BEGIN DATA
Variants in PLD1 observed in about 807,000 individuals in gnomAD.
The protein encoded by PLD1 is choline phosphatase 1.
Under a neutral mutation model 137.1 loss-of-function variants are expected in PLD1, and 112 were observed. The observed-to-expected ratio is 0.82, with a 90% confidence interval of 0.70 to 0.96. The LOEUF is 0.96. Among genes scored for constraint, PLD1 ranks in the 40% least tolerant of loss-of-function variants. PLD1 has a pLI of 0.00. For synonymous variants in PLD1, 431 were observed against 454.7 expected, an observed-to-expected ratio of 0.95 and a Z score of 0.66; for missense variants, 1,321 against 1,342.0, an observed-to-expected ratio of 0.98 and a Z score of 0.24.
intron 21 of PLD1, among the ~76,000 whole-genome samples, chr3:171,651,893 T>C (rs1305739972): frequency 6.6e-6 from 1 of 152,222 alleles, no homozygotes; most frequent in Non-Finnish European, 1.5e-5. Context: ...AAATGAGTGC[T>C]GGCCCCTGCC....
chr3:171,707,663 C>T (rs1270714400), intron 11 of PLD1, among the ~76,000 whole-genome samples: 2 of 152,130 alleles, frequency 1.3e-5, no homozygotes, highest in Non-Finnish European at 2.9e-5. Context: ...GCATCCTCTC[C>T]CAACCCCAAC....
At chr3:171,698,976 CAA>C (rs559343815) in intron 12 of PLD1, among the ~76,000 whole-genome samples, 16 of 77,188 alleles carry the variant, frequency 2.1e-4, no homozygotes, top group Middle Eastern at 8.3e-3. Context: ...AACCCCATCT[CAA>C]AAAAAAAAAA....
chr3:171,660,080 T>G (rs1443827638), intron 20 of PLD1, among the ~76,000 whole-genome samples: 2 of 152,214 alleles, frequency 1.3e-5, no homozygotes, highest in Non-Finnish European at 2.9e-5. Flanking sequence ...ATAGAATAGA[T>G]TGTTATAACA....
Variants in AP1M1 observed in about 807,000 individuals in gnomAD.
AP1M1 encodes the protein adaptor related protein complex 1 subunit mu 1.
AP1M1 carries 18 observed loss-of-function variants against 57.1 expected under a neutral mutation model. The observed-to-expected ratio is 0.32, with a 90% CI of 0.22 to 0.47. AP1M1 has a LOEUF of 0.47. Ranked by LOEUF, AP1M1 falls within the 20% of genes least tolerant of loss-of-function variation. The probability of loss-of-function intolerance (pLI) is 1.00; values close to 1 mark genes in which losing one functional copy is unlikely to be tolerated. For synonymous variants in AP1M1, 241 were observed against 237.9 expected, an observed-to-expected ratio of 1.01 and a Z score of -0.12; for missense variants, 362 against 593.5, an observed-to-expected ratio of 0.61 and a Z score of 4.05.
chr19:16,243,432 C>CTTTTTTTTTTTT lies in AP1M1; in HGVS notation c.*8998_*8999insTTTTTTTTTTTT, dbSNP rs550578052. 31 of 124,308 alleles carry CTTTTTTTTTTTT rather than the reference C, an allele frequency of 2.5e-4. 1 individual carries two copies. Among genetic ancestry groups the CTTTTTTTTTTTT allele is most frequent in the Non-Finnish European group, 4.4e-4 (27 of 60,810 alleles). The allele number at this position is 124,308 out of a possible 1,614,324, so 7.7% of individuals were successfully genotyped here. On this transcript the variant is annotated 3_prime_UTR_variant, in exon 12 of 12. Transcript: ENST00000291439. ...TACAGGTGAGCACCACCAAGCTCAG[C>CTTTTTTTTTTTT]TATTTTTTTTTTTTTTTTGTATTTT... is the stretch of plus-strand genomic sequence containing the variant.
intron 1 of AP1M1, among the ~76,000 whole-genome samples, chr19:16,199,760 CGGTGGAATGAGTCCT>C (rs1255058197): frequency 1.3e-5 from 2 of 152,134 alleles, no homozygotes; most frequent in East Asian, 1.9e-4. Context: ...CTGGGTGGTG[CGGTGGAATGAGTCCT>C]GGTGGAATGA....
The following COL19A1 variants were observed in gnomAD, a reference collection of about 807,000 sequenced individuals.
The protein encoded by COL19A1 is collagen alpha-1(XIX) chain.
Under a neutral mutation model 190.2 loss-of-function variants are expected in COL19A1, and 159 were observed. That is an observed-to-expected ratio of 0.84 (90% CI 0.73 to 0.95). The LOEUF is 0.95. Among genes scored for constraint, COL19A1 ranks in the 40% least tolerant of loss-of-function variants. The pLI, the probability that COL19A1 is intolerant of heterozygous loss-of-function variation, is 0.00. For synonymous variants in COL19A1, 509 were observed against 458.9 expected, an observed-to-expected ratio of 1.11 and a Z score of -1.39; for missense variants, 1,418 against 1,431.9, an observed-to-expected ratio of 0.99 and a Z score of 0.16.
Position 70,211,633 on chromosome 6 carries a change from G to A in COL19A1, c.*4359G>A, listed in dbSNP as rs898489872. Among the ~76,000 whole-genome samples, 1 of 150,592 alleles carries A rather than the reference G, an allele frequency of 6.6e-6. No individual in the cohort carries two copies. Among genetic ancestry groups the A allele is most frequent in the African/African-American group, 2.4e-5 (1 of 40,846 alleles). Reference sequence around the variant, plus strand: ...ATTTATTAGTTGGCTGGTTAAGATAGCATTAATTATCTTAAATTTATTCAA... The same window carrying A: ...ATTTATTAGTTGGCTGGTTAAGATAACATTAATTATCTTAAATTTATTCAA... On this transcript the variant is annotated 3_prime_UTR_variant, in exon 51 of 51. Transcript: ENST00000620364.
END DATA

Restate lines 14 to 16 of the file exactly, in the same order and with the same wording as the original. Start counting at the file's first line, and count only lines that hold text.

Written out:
The protein encoded by COL19A1 is collagen alpha-1(XIX) chain.
Under a neutral mutation model 190.2 loss-of-function variants are expected in COL19A1, and 159 were observed. That is an observed-to-expected ratio of 0.84 (90% CI 0.73 to 0.95). The LOEUF is 0.95. Among genes scored for constraint, COL19A1 ranks in the 40% least tolerant of loss-of-function variants. The pLI, the probability that COL19A1 is intolerant of heterozygous loss-of-function variation, is 0.00. For synonymous variants in COL19A1, 509 were observed against 458.9 expected, an observed-to-expected ratio of 1.11 and a Z score of -1.39; for missense variants, 1,418 against 1,431.9, an observed-to-expected ratio of 0.99 and a Z score of 0.16.
Position 70,211,633 on chromosome 6 carries a change from G to A in COL19A1, c.*4359G>A, listed in dbSNP as rs898489872. Among the ~76,000 whole-genome samples, 1 of 150,592 alleles carries A rather than the reference G, an allele frequency of 6.6e-6. No individual in the cohort carries two copies. Among genetic ancestry groups the A allele is most frequent in the African/African-American group, 2.4e-5 (1 of 40,846 alleles). Reference sequence around the variant, plus strand: ...ATTTATTAGTTGGCTGGTTAAGATAGCATTAATTATCTTAAATTTATTCAA... The same window carrying A: ...ATTTATTAGTTGGCTGGTTAAGATAACATTAATTATCTTAAATTTATTCAA... On this transcript the variant is annotated 3_prime_UTR_variant, in exon 51 of 51. Transcript: ENST00000620364.